Witnessing this makeover, we should remember the master. In the 1970's the artist Cindy Sherman set off a celebrated career by turning herself into off-kilter characters and snapping photographs of these images. On view in a retrospective of her work open now at the Museum of Modern Art are her beloved Film Stills (not from movies, just disconnected shots), a collection of grotesque pictures with mangled body parts and barf-art, creepy clowns, as well as L.A. caricatures of her own—any of whom could be cast in Tim and Eric's TV show. In fact, Sherman conceived of that collection as women who had tried, and failed, to make it in Hollywood. Meanwhile, Tim and Eric told fans at Sundance, "We cast some legitimate character actors, as you saw, some real funny comedians, and then some people that—we like to say—put a headshot up online and forgot about it, maybe. We dig through to the bottom of the pile and find them, then give them lots of lines."

Tim and Eric use a strategy similar to Sherman's humor. Of course, she is playing to a different crowd, and in still frames even garishly made-up figures can have grace and dignity when they silently demure for a photograph. The delicate mystery comes from exposing these characters: While Sherman is playing a part, they are not. But what if her Film Stills moved and spoke? Perhaps they would be as jarringly silly as a Tim and Eric reel.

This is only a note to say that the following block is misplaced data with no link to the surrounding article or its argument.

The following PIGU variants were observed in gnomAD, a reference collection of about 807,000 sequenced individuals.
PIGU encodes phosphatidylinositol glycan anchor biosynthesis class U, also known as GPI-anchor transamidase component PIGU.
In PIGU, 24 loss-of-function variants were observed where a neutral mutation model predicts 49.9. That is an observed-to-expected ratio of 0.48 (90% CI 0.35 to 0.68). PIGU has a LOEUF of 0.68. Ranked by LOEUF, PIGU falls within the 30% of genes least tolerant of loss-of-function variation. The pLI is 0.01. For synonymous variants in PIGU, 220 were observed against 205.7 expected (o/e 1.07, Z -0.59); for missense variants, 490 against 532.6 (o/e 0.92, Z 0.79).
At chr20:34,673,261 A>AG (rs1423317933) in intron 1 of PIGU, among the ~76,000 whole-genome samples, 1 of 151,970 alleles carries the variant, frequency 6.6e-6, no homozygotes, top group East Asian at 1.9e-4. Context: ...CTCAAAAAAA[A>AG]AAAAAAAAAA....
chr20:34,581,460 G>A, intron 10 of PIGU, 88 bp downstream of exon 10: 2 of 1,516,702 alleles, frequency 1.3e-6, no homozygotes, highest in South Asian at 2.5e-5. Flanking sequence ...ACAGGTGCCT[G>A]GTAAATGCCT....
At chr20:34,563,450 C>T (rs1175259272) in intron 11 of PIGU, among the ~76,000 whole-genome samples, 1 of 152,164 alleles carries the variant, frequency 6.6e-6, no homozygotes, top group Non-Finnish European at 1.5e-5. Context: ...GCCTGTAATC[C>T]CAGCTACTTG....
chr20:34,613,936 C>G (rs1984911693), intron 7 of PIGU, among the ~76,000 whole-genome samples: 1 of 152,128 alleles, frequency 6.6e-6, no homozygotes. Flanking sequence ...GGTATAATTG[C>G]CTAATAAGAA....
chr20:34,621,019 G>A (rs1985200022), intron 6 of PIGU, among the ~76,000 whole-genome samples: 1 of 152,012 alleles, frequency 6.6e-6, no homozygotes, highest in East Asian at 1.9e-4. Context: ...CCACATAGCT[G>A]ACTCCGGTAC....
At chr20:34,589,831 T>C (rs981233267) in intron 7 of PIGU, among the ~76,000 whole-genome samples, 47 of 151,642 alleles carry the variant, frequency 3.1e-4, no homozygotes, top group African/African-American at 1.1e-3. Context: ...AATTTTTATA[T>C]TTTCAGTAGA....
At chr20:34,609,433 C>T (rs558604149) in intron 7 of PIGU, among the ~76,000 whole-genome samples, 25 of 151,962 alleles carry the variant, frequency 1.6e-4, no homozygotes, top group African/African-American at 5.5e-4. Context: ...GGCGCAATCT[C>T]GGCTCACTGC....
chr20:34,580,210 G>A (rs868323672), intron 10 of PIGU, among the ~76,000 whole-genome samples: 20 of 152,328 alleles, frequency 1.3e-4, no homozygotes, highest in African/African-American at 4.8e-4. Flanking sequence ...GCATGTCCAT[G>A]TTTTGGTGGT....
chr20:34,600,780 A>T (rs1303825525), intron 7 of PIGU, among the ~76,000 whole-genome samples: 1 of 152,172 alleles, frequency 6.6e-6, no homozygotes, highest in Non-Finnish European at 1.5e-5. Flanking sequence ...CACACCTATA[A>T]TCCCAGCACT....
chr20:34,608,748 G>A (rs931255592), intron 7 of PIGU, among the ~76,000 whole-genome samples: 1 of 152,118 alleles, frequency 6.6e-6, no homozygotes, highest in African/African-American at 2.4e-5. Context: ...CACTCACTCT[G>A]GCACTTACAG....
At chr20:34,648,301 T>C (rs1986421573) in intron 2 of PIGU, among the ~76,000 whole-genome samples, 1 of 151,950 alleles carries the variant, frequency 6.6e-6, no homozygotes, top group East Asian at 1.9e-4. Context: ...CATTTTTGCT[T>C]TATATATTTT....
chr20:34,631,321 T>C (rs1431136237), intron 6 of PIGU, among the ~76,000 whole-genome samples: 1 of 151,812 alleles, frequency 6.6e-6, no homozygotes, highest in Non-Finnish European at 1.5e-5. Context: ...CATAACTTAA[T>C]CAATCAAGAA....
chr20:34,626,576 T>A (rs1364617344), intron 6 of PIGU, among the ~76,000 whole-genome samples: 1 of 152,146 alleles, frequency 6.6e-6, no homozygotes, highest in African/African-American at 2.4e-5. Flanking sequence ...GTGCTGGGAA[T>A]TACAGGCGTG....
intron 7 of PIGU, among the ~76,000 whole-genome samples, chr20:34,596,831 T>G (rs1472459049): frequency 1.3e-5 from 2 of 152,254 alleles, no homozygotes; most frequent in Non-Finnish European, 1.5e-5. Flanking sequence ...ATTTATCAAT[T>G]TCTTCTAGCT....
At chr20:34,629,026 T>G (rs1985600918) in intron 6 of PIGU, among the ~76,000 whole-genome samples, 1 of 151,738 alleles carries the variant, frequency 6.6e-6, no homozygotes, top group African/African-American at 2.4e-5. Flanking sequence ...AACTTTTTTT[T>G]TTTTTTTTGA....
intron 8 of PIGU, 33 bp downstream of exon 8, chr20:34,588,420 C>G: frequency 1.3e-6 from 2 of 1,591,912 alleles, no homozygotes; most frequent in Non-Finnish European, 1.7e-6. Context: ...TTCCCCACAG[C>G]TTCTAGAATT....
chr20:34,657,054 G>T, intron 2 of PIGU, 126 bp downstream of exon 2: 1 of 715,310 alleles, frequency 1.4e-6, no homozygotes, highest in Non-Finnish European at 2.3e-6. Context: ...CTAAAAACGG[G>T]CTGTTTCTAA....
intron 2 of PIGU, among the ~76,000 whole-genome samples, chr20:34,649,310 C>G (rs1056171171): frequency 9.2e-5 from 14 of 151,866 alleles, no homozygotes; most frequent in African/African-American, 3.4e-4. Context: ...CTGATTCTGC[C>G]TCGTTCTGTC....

Still, Tim and Eric never quite allow the characters they portray (who are, purportedly, themselves) to completely take over, and so the viewer is always watching the comedians wiggle around inside their costumes. The same goes for the stars—Will Ferrell, John C. Reilly, Zach Galifianakis, Goldblum—who time and again come to join the gang. There is no mystery. We see exactly who is playing whom.

But then there are those oddballs—the ones whose headshots Tim and Eric happily dug up on the internet—who are in a sense both the funniest and most sympathetic. The cringe-worthiest moments may not truly be the penis piercing or the you'll-never-be-the-same "Shrim" sequence, but when the audience knowingly laughs with the assumption that a character-actor is unknowingly being mocked. These actors—listed in the credits either as having played themselves or by nameless monikers (i.e. Shrim Gods)—seem to know that they are funny but do not know why. And that is precisely what makes them hilarious, at least to Tim and Eric's tastes. When Vanity Fair asked the duo about this a few years ago, they explained, "We try to present these people in their pure form, just doing what they do," adding of one of their lampoonable fixtures, "He's not putting on an act. We tend to elevate who he is for the show and create a more heightened absurd character out of it, but it's based on his real personality."

Billion Dollar Movie, with a more concrete narrative structure than Tim and Eric's TV comedy typically allows, elaborates on the heightened absurdity of movies themselves. It all ends as it began, as a screening—though this time Tim and Eric are triumphant: "We did it buddy. We really did it." They look at the camera. The lights come up in the movie theater. They dance as balloons flutter from above. It's all over. You can go now.

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Betsy Morais is an editorial assistant at The New Yorker.